In Search of Fluffy Matzoh Balls

matzoh ball soup

As anyone who has ever made or eaten matzoh balls knows, there are sinkers and there are floaters. You want the floaters. Not the sinkers. Trust me. Sinkers, well…you might as well go chew on some of the gravel left over from making Stone Soup.

I made 3 batches of matzoh balls this week using 3 different techniques. I did not start this out as a science experiment. I just got lazy. All three techniques are based on the standard Manischewitz recipe. Continue reading

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A Twist on a Classic Potato Leek Soup

leek soupThe leeks popping up in grocery cases recently suggest the shift from winter to spring. Premature if you ask me. They also sparked memories of my family huddling around the kitchen table with steaming bowls of potato leek soup. However, I just wasn’t in the mood for a comfort recipe. Besides, as seems to be the side theme in my life right now, I was on a quest to use up more leftovers. And this time the leftovers consisted of a glut of fennel (yes, I suppose there are worse things in life). My mom’s recipe always called for ground anise seed, which has a flavor profile similar to fennel, so I figured, why not?

Fennel Leak Soup with Scallions and Ricotta
(Adapted from Deborah Madison’s Leek & Scallion Soup with Potato Gnocchi)
Serves 4-6

Ingredients
For the soup:

1 tablespoon olive oil
4-5 cups leeks, halved and chopped (white & green parts; about 3 large leeks)
1 celery stalk, small dice
1 medium russet potato, small dice
1/2 cup fennel stalks, sliced (from 1 fennel – these are the stalks from above the bulb, but not the fronds)
4 cups water
sea salt
fresh ground pepper

fennel stalks

Fennel stalks

For the garnish:
1 tablespoon unsalted butter
1 cup scallions, finely chopped (white and green parts; about 1 bunch)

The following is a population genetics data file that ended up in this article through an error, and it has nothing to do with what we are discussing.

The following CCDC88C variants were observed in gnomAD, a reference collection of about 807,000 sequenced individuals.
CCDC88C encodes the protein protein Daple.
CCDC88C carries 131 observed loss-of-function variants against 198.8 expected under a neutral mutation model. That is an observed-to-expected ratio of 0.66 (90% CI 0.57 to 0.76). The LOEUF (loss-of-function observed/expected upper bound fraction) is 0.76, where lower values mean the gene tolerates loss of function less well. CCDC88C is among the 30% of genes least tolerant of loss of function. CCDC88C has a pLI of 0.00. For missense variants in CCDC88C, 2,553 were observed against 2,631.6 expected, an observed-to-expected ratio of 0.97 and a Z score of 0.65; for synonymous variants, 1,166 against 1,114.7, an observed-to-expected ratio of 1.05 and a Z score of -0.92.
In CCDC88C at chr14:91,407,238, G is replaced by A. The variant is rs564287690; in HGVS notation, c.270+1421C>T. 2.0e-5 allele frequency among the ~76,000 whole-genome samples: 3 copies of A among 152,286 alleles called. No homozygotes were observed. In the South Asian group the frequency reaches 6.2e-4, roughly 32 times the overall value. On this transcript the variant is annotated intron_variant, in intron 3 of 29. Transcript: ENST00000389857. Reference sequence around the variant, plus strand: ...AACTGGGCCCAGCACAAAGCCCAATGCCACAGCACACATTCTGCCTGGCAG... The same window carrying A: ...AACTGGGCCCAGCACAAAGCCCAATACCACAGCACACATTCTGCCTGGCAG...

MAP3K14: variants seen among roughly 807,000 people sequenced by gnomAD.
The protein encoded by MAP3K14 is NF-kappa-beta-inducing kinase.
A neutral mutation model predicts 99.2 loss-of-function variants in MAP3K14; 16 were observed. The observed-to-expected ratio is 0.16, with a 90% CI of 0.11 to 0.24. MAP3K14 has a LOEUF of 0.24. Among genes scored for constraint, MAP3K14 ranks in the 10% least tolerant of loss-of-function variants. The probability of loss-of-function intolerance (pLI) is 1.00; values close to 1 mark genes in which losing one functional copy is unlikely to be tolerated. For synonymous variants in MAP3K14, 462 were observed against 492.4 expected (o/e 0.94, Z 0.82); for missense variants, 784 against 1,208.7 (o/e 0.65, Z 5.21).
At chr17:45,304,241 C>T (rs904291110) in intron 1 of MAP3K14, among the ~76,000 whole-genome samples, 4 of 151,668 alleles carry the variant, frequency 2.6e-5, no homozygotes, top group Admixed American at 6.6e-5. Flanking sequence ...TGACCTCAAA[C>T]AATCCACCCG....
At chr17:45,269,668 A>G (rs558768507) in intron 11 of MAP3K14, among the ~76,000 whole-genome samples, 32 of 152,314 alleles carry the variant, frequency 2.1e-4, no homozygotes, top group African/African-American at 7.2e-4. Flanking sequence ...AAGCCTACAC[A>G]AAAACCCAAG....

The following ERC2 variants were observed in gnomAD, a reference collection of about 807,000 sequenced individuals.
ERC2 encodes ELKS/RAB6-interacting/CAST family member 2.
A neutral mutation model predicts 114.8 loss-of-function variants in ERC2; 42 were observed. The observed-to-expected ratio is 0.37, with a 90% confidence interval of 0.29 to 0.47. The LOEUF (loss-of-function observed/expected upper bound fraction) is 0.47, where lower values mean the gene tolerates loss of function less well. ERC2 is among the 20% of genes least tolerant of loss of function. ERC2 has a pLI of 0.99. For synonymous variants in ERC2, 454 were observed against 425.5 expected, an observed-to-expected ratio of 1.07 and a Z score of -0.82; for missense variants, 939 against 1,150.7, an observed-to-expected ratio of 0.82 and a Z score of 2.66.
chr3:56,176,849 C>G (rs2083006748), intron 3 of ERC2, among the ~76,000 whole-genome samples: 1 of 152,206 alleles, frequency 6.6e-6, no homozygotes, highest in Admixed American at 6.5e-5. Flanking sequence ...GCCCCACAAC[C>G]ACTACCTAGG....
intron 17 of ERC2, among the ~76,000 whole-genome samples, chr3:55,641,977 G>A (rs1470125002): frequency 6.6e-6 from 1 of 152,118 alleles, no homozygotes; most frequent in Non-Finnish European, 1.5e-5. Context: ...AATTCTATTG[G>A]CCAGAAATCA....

1/2 cup fennel fronds, chopped
6 tablespoons ricotta cheese (whole or reduced-fat, your choice)

Directions
1. Sauté leeks, potato, celery, and fennel stalks in olive oil in a medium saucepan until the leeks are soft.

saute veg2. Add water and bring the soup to a boil. Lower heat. Cover and simmer about 20 minutes, until vegetables are cooked through and tender (especially potatoes).
3. Purée about 1 cup soup (or run a submersible blender through about 1/4 the soup). Check the consistency – if it is not smooth and creamy enough for your liking, purée more.

Pureed soup4. Season to taste with salt and pepper.
5. In a small sauté pan, sauté scallions and fennel fronds lightly in butter. The green of the scallions will intensify and they will wilt but don’t let them go too long or they will brown and turn bitter.

sauteeing6. Pour soup into bowls. Top each with a tablespoon of ricotta and 1/6 of the scallion mixture. Enjoy!
platedRecipe notes:
*I leave the skin on the potato, as this is where the nutrients are. I also enjoy chunky soups. If you prefer a smoother texture, peel the potato before dicing it and purée more of it.
*Season the soup after you have puréed it to be sure you do not add too much salt. Remember that the ricotta cheese will also add some saltiness to the soup.